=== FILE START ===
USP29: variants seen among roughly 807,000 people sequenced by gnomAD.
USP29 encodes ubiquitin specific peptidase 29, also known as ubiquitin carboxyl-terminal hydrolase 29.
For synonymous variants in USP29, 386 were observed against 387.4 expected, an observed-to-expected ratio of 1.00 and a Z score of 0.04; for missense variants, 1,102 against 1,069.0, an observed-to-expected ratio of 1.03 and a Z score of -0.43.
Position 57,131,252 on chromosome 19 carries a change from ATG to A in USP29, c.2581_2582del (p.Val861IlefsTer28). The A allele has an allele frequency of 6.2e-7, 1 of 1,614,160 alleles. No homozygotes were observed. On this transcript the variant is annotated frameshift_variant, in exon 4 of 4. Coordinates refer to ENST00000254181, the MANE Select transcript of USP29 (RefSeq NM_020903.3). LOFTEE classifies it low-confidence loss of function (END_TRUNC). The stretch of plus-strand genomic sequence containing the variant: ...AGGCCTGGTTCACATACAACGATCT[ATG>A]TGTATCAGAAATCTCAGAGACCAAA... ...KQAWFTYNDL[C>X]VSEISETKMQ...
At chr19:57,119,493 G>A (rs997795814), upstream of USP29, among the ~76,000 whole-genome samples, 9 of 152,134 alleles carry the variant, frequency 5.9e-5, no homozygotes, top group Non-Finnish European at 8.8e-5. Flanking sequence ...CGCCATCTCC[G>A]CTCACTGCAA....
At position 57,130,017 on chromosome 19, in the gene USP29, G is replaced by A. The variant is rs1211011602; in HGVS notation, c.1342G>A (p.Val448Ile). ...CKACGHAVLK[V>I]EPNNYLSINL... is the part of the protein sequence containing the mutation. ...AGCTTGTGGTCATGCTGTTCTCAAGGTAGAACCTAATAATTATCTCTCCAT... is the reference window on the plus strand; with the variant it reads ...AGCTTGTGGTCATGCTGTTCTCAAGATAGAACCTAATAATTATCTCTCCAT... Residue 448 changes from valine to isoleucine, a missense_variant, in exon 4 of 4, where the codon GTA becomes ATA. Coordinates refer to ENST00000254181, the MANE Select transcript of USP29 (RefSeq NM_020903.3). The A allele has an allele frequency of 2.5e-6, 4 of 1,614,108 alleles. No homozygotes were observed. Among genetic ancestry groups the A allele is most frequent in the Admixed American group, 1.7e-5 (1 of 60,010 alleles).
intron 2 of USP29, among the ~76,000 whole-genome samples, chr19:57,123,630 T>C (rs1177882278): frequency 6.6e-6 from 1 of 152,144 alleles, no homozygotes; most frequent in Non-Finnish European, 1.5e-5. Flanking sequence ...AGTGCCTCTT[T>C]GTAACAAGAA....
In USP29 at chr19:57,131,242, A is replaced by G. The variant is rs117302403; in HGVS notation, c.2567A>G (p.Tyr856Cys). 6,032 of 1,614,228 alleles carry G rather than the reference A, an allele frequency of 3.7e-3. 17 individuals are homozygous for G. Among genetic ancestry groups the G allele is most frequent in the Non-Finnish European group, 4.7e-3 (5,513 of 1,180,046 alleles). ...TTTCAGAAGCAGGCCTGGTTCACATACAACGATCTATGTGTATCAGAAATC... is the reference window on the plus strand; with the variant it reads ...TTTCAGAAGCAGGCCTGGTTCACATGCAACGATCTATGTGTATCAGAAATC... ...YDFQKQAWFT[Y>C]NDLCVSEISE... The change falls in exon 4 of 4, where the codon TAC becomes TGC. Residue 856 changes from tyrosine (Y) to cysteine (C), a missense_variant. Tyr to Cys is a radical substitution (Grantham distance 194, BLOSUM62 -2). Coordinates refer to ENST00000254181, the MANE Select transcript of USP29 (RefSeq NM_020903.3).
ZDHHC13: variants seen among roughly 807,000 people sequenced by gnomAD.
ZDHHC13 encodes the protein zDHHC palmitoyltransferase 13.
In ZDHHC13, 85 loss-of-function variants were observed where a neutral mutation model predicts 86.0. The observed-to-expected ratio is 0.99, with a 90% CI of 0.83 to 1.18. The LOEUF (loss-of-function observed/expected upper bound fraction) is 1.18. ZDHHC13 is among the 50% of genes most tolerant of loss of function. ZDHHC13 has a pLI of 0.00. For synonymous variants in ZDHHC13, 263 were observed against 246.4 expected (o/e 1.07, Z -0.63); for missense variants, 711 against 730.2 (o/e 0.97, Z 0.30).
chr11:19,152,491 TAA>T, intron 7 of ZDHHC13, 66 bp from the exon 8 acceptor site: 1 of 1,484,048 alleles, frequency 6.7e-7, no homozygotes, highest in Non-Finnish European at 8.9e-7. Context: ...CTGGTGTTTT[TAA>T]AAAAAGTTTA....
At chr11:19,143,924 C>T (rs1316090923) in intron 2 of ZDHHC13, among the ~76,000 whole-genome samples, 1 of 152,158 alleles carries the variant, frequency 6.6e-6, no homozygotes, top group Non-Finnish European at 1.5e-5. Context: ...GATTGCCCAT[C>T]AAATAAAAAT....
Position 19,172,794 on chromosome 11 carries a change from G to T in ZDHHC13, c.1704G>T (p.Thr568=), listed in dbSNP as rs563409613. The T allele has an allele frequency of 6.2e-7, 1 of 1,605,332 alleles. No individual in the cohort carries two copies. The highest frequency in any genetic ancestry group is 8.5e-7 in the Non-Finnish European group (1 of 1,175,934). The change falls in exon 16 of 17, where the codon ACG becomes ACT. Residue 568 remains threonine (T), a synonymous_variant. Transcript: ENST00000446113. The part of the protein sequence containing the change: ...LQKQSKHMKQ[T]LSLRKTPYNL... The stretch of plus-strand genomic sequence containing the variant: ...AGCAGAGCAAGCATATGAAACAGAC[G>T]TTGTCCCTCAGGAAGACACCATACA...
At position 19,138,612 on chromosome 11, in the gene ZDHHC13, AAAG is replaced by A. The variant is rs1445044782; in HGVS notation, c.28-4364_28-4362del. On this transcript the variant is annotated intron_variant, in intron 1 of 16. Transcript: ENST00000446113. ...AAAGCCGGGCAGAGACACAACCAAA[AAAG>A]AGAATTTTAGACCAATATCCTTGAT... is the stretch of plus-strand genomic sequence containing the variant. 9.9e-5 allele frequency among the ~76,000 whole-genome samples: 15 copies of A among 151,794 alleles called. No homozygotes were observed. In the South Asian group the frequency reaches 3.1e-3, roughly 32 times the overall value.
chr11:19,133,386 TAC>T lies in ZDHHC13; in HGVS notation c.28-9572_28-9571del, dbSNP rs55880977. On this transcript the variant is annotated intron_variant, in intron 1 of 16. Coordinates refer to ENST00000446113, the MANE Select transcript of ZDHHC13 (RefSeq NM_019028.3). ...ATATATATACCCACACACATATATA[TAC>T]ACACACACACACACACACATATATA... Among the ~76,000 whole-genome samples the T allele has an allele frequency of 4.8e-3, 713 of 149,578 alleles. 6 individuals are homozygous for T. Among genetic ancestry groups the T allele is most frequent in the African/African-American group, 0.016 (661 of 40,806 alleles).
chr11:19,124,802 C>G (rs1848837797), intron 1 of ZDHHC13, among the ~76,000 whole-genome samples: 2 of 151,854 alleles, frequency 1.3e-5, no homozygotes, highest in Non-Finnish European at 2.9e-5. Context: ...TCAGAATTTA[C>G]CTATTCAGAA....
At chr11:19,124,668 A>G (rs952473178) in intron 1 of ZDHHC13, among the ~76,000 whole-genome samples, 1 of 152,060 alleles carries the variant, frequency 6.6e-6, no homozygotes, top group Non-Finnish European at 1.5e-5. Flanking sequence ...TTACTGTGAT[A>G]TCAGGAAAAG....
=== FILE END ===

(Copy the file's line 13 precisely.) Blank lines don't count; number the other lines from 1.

At chr11:19,143,924 C>T (rs1316090923) in intron 2 of ZDHHC13, among the ~76,000 whole-genome samples, 1 of 152,158 alleles carries the variant, frequency 6.6e-6, no homozygotes, top group Non-Finnish European at 1.5e-5. Context: ...GATTGCCCAT[C>T]AAATAAAAAT....